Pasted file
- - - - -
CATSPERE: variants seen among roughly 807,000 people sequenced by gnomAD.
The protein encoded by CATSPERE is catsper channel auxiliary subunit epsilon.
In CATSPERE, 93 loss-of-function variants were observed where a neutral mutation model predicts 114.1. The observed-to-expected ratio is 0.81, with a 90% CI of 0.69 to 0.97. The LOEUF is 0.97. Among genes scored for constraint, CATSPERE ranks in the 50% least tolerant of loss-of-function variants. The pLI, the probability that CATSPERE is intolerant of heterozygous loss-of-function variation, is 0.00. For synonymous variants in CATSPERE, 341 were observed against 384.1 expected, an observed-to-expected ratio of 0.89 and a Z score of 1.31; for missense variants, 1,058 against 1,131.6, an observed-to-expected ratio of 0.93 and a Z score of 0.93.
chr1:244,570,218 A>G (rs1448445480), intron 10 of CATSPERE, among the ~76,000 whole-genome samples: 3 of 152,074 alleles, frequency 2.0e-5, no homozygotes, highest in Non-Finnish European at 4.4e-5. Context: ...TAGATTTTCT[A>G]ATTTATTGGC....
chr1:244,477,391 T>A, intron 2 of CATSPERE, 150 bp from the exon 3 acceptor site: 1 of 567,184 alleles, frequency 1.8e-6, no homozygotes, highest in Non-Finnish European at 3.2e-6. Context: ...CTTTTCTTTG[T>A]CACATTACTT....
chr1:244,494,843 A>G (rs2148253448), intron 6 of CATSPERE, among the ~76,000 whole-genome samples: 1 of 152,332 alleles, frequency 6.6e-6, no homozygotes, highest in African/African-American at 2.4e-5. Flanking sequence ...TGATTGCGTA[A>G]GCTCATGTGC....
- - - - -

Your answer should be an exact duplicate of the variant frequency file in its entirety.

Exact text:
CATSPERE: variants seen among roughly 807,000 people sequenced by gnomAD.
The protein encoded by CATSPERE is catsper channel auxiliary subunit epsilon.
In CATSPERE, 93 loss-of-function variants were observed where a neutral mutation model predicts 114.1. The observed-to-expected ratio is 0.81, with a 90% CI of 0.69 to 0.97. The LOEUF is 0.97. Among genes scored for constraint, CATSPERE ranks in the 50% least tolerant of loss-of-function variants. The pLI, the probability that CATSPERE is intolerant of heterozygous loss-of-function variation, is 0.00. For synonymous variants in CATSPERE, 341 were observed against 384.1 expected, an observed-to-expected ratio of 0.89 and a Z score of 1.31; for missense variants, 1,058 against 1,131.6, an observed-to-expected ratio of 0.93 and a Z score of 0.93.
chr1:244,570,218 A>G (rs1448445480), intron 10 of CATSPERE, among the ~76,000 whole-genome samples: 3 of 152,074 alleles, frequency 2.0e-5, no homozygotes, highest in Non-Finnish European at 4.4e-5. Context: ...TAGATTTTCT[A>G]ATTTATTGGC....
chr1:244,477,391 T>A, intron 2 of CATSPERE, 150 bp from the exon 3 acceptor site: 1 of 567,184 alleles, frequency 1.8e-6, no homozygotes, highest in Non-Finnish European at 3.2e-6. Context: ...CTTTTCTTTG[T>A]CACATTACTT....
chr1:244,494,843 A>G (rs2148253448), intron 6 of CATSPERE, among the ~76,000 whole-genome samples: 1 of 152,332 alleles, frequency 6.6e-6, no homozygotes, highest in African/African-American at 2.4e-5. Flanking sequence ...TGATTGCGTA[A>G]GCTCATGTGC....